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US weighs faster Afghan handover. Are Afghan forces ready?

The reported shift would take large numbers of US and NATO forces out of combat missions. Some say that accelerating the handover of security to Afghan forces could further destabilize the country.

Afghan policemen, right, and foreign soldiers, left, with the NATO-led International Security Assistance Force (ISAF) inspect the scene of a suicide attack in Herat, west of Kabul, Afghanistan, Thursday, Nov. 3.

Hoshang Hashimi/AP

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Senior White House officials have reportedly leaked that President Barack Obama is now considering shifting the US mission in Afghanistan to a primarily advisory role as early as next year. Such a shift would have broad implications for the war, most notably pushing the Afghan military and police onto center stage at a much faster pace.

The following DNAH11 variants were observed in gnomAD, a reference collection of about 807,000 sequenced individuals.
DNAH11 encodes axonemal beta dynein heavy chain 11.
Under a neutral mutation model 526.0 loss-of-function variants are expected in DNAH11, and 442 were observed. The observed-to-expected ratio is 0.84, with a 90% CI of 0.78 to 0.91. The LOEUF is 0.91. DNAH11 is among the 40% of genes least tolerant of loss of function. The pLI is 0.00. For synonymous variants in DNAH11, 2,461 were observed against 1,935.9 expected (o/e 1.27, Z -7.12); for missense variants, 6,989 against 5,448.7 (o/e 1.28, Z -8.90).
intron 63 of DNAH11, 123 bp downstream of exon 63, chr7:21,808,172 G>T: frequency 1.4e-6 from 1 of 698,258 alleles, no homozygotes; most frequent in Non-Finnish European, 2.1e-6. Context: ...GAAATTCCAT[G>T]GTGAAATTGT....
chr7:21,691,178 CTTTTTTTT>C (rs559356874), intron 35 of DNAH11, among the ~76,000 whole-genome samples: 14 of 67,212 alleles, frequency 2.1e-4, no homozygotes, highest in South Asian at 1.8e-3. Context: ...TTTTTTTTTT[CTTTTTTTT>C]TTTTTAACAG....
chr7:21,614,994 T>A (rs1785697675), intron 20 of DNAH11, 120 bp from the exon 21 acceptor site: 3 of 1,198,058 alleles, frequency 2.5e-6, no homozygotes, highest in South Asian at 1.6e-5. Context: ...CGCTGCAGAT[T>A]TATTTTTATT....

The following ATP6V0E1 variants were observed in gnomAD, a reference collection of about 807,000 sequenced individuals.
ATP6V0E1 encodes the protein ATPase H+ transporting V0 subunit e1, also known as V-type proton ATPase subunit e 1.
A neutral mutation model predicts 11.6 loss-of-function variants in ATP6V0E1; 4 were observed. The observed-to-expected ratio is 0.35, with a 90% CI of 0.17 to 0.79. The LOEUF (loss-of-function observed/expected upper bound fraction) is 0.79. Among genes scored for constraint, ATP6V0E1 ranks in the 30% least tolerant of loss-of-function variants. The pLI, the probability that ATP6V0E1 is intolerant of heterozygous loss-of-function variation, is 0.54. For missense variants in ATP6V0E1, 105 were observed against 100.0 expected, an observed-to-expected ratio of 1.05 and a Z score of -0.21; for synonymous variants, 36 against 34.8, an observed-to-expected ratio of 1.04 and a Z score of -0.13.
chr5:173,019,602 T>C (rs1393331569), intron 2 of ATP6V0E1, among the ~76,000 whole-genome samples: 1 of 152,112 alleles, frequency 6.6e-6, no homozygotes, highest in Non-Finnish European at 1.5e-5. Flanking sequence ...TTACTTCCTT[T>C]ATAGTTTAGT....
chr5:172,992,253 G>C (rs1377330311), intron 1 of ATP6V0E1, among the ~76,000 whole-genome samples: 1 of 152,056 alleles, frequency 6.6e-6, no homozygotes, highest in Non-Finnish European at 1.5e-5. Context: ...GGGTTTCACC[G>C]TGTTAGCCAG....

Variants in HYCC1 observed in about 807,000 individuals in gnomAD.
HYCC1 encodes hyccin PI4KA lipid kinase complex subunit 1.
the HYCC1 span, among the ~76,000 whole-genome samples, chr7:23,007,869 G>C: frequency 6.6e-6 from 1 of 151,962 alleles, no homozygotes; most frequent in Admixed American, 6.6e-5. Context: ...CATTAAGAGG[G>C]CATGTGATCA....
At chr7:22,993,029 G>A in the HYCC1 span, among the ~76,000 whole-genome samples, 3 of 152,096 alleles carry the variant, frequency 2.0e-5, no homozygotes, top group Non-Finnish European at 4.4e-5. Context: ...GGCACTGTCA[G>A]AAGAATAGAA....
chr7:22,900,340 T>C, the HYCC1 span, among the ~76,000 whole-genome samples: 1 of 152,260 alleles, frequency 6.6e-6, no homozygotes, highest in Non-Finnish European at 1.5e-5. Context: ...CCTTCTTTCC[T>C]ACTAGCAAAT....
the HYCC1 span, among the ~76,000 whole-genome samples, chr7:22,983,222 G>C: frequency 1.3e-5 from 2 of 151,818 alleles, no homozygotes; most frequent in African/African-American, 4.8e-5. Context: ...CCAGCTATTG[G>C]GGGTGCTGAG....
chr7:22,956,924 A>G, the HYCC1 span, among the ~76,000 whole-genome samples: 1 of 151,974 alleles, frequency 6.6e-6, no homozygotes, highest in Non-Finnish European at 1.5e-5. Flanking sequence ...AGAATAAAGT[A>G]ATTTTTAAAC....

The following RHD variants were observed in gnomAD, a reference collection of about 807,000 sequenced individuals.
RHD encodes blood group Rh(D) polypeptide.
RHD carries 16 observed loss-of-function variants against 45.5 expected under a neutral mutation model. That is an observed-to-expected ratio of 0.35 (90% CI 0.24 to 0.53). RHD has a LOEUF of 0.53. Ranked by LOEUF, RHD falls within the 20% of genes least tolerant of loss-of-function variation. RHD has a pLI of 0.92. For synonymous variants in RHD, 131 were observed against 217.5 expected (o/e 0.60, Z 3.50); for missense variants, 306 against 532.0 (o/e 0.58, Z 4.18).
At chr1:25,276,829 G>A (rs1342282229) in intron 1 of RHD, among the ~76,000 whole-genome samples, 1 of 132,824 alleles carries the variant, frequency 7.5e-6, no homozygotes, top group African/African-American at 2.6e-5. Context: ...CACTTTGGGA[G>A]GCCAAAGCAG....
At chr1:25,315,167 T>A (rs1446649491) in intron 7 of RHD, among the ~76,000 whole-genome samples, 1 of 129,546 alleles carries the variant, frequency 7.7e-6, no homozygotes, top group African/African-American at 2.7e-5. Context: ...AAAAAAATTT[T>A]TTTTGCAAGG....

The change would take large numbers of US and NATO forces out of combat missions well ahead of the current deadline at the end of 2014. And although the US and NATO have prioritized training for Afghan forces, minting more than 300,000 soldiers and police officers, Afghans and numerous international organizations have expressed continued concerns that the quality of these forces, especially the police, is dangerously low. 

Amid growing concerns that the country could slide toward another civil war when foreign forces leave, many Afghans also worry that accelerating the transition of security to Afghan forces could make the situation even worse.

“The Afghan Army, police, and other security forces are not trained to work for the country’s national interests. They are just looking to make money for bread and they’ll take as much as they can get,” says Suliman Khan, a resident of Kabul’s restive Surobi district, the only part of Kabul Province that has yet to transition to Afghan forces. “If something happens like another civil war, these security forces will automatically switch sides and fight for their own regional or ethnic issue.”

Army is doing better. But the police?


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